Frugal and Healthy Lunches for Kids – Guest Post

by tdomf_91172 on October 21, 2010

Sarah has some fantastic ideas for simple, healthful and inexpensive lunches for your kiddos…

Packing a lunch can get costly, but by using a few great shopping methods you can easily pack a healthy lunch without breaking the bank. Here are a few easy money saving principles to keep in mind while choosing this week’s menu:

  1. Buy whatever fruits and vegetables are in season and plan around those.
  2. Match coupons to the sale ads to get the best deals and to bring out your creativity.
  3. Homemade is often cheaper than prepackaged convenience foods especially when you’re using coupons.
  4. Stock up when an item you use is on sale to get it at its lowest price which will give you plenty of money saving choices for weeks to come.

For less than $1.00 per day, your child can have a healthy, budget friendly lunch. Check out this sample lunch plan…

Hard-boiled eggs (2) $.20
(We can’t do eggs in our family, but these are great for those without egg issues. Not only are they healthy, but inexpensive too).
Homemade mini muffins (2) $.08 (These are great to make and freeze for use later.)
Apple or orange $.25 (Aldi – $.25/each)
Juice Box $.15
Total $.68

Sliced Cheese (or Tofutti) $.10
Whole Wheat Crackers $.10
Veggies w/ ranch $.20
Milk in a thermos $.10
Total $.50

Peanut butter and jelly (Of course, in our family we use SunButter) $.25
Yogurt (dairy or soy) $.40
Granola $.20
Water in a sports bottle $.00
Total $.85

Leftovers (mac ‘n cheese or spaghetti in a thermos) $.25
Raisin Bread w/ cream cheese (or Tofutti) $.25
Grapes $.15 (Use the great $1/1 Target produce coupon)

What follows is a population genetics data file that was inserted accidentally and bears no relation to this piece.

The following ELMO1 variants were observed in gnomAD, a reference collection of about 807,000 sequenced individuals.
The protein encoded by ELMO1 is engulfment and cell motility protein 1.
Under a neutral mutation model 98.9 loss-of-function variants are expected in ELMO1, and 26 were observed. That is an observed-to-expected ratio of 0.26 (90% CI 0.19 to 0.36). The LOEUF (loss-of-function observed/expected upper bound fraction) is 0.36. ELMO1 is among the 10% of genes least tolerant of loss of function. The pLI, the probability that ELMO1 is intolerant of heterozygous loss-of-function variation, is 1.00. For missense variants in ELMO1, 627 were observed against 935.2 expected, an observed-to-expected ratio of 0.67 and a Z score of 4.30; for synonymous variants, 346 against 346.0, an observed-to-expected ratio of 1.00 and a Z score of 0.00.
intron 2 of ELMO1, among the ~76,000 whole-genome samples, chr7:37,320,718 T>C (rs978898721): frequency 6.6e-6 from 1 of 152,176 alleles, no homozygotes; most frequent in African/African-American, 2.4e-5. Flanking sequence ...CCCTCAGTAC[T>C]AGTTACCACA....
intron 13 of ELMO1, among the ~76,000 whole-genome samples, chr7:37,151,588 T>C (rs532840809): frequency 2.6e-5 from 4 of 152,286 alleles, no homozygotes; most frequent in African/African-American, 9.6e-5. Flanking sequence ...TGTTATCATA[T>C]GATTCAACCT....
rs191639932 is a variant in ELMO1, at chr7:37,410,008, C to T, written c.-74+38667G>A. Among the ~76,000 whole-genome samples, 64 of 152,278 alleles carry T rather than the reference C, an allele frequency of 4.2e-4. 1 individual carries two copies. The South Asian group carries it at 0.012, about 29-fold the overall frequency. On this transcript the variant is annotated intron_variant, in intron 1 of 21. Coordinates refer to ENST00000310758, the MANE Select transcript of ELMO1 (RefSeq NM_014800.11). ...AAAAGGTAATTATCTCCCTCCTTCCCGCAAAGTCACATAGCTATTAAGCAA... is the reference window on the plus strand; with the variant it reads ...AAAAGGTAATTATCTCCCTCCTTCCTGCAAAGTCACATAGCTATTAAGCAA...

Capri Sun $.10

Total $.75

Cheese stick wrapped in lunch meat $.30
Apple slices w/peanut butter $.30
Juice in a sports cup $.10
Total $.70

Using ads and sales to get creative when packing a lunch can not only save money but also make your child happy too. Enjoy!

Sarah Roe is the author of The Power of Coupons: 13 Ways to Save and can be found on

{ 8 comments… read them below or add one }

Sue October 21, 2010 at 2:46 pm

thanks! for the ideas.. my kids are pretty picky but the sides are good ideas.. We pack lunch it is so much cheaper than buying.. at 2.10.


Candi @ Family Stamping and FOOD! October 21, 2010 at 3:42 pm

Great lunch ideas! I’m bookmarking this one for sure!


Kristy @momhatescooking October 21, 2010 at 7:30 pm

Perfect tips for lunches!


Anna October 21, 2010 at 9:15 pm

These are all great ideas, but the amounts suggest they’re for little kids. I’d LOVE to see some ideas for teenagers. My kids go to schools w/o cafeterias and so take lunches every day, but they are growing young teens. They eat a LOT!


Mrs. Sharon White October 21, 2010 at 9:39 pm

I love these snack ideas!


Missy_in_WV October 21, 2010 at 10:19 pm

I’m impressed with what you do for your kid’s lunches but I’m so thankful that my son has a hot school lunch every day. He’s a busy high school athlete and needs that nutrition (and quantity) every day (especially with practice after school every day, our dinners are always late and he can’t eat before practice) I can’t imagine packing him a lunch every day big enough to fill him up. Regular lunch price is $1.60, but because I’m on unemployment, it’s only 40 cents a day (thank goodness!)


ida October 22, 2010 at 10:07 am

This is something that i can see myself doing. Since the US is having problems with debt and such


Shannon October 24, 2010 at 9:25 am

Our school does not have subsidized lunches so hot lunches are $3.50 for kinds k-4, $3.75 for 5-7, and $4.25 for high school. I let my kids have one hot lunch a week, for now, but they both know that is subject to change. I talk with my kids about money and they know I can pack a lunch for under $1.
I try to mix up lunch a bit but my kids are a bit picky, as much as I fight against that.
One of our favorite lunches is buttered flour tortilla’s, tortilla chips, and an apple.
We also do yogurt with jelly sandwich and pretzels.
I’ll do peanut and jelly rolls where I flatten the bread and roll it up then slice like a jelly roll cake.
For older kids talk with them, your cost may go up some, for sports kids you may want to double the protein, for average teenagers not into sports they may want double the sides.


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